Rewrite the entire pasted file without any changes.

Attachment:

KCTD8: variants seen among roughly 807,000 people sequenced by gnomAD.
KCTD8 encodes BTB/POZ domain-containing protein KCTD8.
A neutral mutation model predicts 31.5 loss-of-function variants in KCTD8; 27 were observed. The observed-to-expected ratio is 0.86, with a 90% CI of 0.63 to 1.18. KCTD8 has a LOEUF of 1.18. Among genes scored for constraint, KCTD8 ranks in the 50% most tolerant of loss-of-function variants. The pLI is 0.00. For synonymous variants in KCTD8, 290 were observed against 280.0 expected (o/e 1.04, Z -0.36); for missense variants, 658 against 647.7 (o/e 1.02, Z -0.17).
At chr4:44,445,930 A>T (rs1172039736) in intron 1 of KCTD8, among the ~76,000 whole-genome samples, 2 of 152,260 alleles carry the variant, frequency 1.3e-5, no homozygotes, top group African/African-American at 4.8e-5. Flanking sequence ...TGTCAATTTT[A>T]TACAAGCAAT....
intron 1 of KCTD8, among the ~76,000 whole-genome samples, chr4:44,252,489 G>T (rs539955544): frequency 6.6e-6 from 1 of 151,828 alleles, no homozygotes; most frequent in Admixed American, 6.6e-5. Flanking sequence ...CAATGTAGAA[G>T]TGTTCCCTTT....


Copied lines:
KCTD8: variants seen among roughly 807,000 people sequenced by gnomAD.
KCTD8 encodes BTB/POZ domain-containing protein KCTD8.
A neutral mutation model predicts 31.5 loss-of-function variants in KCTD8; 27 were observed. The observed-to-expected ratio is 0.86, with a 90% CI of 0.63 to 1.18. KCTD8 has a LOEUF of 1.18. Among genes scored for constraint, KCTD8 ranks in the 50% most tolerant of loss-of-function variants. The pLI is 0.00. For synonymous variants in KCTD8, 290 were observed against 280.0 expected (o/e 1.04, Z -0.36); for missense variants, 658 against 647.7 (o/e 1.02, Z -0.17).
At chr4:44,445,930 A>T (rs1172039736) in intron 1 of KCTD8, among the ~76,000 whole-genome samples, 2 of 152,260 alleles carry the variant, frequency 1.3e-5, no homozygotes, top group African/African-American at 4.8e-5. Flanking sequence ...TGTCAATTTT[A>T]TACAAGCAAT....
intron 1 of KCTD8, among the ~76,000 whole-genome samples, chr4:44,252,489 G>T (rs539955544): frequency 6.6e-6 from 1 of 151,828 alleles, no homozygotes; most frequent in Admixed American, 6.6e-5. Flanking sequence ...CAATGTAGAA[G>T]TGTTCCCTTT....